Referee Week in Review – Week 5
The Situation: Colorado and Real Salt Lake are tied 0-0 in the 93rd minute.
The Play: With time winding down, Real Salt Lake is awarded a free kick outside the Colorado penalty area. The free kick is played in and rebounds off the goal post to a Real Salt Lake attacker who plays the ball towards goal. A second attacking player beats out the trailing defenders and goalkeeper to put the ball in the back of the goal.
The Decision: A goal is awarded to Real Salt Lake, who go on to win the game 1-0.
My Take: Consider where the attacking players are when the initial shot was taken and goes off the post. The attacker who played the rebound was in an onside position at that moment the free kick was taken, and the referee correctly allows play to continue. In the next instant, the attacking player directs the rebound towards goal, and we see the second attacker become incolved in active play and score from an offside position; therefore, the goal should have been disallowed.
The Laws of the Game: Law 11 (Offside) states that a player is in an offside position when they are nearer to the opponents’ goal line than both the ball and the second to last defender. A player is only penalized for being in an offside position if, in the opinion of the referee, are involved in active play by: interfering with play, interfering with an opponent or gaining an advantage by being offside.
The Situation: Columbus is leading Kansas City 1-0 and is up a man in the 80th minute.
The Play: Columbus serves in a corner kick to the far post. Players from both teams challenge for the ball and multiple players go down in the penalty area. The referee awards a free to Kansas City and the players begin to confront one another after the whistle.
The Decision: The referee separates both players from the confrontation and no sanction is issued.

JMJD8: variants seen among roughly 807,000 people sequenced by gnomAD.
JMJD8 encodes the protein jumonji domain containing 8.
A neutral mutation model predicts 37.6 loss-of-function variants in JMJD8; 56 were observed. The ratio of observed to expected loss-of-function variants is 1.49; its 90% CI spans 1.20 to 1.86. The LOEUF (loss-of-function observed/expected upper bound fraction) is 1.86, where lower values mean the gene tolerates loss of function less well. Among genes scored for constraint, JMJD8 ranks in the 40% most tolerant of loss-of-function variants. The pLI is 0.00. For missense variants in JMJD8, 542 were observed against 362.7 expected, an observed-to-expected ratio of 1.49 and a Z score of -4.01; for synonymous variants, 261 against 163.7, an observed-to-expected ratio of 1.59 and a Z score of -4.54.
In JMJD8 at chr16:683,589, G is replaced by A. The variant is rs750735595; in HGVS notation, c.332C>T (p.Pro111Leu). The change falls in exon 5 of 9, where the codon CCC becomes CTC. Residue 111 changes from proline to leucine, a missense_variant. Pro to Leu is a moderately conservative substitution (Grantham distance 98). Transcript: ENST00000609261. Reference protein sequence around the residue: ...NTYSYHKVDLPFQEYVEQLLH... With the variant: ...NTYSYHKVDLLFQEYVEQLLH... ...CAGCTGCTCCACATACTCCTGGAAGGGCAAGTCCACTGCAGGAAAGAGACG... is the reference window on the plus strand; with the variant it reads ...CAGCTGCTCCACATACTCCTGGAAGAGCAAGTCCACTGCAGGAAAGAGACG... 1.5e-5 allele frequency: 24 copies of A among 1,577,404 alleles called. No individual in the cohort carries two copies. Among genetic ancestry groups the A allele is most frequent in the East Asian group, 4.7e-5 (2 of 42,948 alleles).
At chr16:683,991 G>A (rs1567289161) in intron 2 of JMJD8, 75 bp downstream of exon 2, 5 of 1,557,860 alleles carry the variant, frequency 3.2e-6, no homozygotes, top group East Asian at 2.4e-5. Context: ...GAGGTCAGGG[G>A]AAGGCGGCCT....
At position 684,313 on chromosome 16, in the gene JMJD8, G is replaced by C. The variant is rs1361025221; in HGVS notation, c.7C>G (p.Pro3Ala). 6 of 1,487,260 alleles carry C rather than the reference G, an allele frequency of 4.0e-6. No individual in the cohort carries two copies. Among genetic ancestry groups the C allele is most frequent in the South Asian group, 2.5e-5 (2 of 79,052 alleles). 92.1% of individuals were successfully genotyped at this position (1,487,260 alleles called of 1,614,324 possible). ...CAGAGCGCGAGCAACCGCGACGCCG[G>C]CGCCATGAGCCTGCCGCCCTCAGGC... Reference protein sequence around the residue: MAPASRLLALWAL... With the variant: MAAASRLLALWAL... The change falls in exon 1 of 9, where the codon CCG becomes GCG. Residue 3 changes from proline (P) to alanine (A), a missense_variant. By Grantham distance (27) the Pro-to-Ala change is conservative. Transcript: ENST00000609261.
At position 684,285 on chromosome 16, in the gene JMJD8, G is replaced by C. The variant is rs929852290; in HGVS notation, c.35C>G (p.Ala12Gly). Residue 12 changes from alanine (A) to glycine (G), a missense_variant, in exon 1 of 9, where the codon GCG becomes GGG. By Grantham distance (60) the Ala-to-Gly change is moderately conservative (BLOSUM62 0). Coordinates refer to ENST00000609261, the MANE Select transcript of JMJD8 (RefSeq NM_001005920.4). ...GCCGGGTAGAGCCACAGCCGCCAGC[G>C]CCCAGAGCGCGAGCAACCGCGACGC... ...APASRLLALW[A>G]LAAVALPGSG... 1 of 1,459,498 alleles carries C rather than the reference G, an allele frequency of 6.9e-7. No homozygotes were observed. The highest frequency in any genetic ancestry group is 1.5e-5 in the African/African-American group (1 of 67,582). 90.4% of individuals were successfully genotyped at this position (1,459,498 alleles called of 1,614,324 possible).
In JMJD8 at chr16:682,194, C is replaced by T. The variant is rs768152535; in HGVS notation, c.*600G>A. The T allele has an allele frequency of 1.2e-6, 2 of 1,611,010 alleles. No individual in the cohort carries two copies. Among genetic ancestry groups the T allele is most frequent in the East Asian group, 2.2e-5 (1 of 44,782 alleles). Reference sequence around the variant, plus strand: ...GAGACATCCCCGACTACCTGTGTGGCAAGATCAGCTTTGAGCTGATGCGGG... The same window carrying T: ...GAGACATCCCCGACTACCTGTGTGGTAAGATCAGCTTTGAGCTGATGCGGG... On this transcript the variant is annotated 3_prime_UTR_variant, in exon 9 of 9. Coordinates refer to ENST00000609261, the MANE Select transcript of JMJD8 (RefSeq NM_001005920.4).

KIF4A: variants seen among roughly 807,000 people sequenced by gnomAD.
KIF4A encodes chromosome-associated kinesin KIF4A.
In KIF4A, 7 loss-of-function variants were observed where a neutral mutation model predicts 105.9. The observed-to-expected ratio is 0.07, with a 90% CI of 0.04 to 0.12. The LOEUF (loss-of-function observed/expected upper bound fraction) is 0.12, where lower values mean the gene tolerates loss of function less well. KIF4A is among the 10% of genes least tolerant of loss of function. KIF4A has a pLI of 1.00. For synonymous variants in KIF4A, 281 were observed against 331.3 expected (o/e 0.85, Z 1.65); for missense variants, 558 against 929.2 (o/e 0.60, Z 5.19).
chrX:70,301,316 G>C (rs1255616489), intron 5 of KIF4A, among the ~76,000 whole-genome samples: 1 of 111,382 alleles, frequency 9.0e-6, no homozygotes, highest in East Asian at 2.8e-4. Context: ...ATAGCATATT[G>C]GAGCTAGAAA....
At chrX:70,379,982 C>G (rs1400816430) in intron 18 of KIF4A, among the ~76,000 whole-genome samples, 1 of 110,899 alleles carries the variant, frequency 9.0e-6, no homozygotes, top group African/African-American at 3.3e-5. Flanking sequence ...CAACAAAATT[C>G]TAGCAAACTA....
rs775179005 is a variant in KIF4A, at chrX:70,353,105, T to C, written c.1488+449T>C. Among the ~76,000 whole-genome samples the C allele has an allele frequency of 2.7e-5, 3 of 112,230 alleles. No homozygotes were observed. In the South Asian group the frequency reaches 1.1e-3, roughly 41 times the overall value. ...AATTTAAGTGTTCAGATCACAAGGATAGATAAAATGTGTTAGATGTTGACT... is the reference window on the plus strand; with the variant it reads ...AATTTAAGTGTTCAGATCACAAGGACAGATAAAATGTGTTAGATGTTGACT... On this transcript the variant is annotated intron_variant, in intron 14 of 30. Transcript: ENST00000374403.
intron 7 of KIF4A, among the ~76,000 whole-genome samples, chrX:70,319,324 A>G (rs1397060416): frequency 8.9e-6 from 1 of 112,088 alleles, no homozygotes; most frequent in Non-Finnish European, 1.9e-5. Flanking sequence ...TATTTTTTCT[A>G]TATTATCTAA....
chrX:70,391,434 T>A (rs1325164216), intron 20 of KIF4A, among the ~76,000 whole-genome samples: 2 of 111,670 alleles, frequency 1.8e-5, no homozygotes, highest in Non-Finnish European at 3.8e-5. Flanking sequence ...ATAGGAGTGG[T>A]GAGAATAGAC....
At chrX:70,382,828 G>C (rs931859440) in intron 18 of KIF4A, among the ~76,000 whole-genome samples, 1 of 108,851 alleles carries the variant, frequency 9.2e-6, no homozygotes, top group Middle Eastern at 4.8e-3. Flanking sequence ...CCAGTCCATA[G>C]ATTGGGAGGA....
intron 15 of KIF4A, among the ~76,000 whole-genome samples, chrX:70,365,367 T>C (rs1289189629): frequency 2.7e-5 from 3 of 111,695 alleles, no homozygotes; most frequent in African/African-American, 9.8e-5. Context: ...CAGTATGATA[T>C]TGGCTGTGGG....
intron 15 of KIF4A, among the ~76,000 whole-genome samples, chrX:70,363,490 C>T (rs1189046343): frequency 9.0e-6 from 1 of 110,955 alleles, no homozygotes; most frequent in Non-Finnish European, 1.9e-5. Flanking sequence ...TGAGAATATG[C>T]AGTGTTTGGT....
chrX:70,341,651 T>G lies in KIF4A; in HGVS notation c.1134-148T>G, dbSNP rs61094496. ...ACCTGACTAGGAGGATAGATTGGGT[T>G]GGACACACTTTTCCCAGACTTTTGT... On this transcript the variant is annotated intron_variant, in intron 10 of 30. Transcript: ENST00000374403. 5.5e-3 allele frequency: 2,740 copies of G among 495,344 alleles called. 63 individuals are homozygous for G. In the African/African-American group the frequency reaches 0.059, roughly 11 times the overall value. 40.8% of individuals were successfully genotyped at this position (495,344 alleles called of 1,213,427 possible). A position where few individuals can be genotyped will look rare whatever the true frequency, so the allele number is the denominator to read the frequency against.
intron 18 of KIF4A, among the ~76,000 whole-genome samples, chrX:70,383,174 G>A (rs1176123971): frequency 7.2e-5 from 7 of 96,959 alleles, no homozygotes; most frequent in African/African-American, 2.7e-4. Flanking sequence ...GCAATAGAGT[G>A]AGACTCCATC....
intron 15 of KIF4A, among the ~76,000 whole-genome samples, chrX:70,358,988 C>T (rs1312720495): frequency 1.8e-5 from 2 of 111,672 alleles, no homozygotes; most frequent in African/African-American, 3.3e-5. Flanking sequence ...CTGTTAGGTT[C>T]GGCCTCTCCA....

My Take: As the two players begin to confront each other, the referee does a great job of recognizing that a potential situation is developing and quickly moves to diffuse the situation. By placing himself between the two players and continuing to keep them separated as they move up the field, he allows the emotions of the moment to dissipate and for the players to refocus on continuing play.
The Laws of the Game: A critical part of the job for any referee is man management. The ability of the referee to prevent situations between players from escalating and to recognize when their presence is needed is important to help maintain a calm atmosphere. This also can prevent the referee from being forced to issue cautions which can become a significant factor in any game.
The Situation: Portland’s home-opening match against Chicago Fire is tied 0-0 in the 11th minute.
The Play: A corner kick is served into the penalty area and a Portland attacker heads the ball past the goalkeeper. The assistant referee signals that after the corner kick is taken the ball leaves the field of play and re-enters.
The Decision: The referee blows the whistle to disallow the goal.
My Take: For those watching at home and even for the players on the field, there was initial confusion as to why the goal was being disallowed. The assistant referee is in an excellent position and has the best view of anyone on the field to make the call. Later, the referee indicates both verbally and with an arm motion which call has been made. He recognized the need to clarify the call and effectively communicated to the players and coaches so they would understand the decision.
Laws of the Game: Law 9 (The ball in and out of play) states that the ball is out of play when it has wholly crossed the goal line or touch whether on the ground or in the air.
Michael Kennedy is a current MLS referee and has officiates in the league since its founding in 1996. In addition to serving as a professional referee, he has also represented U.S. Soccer as both a FIFA referee and assistant referee.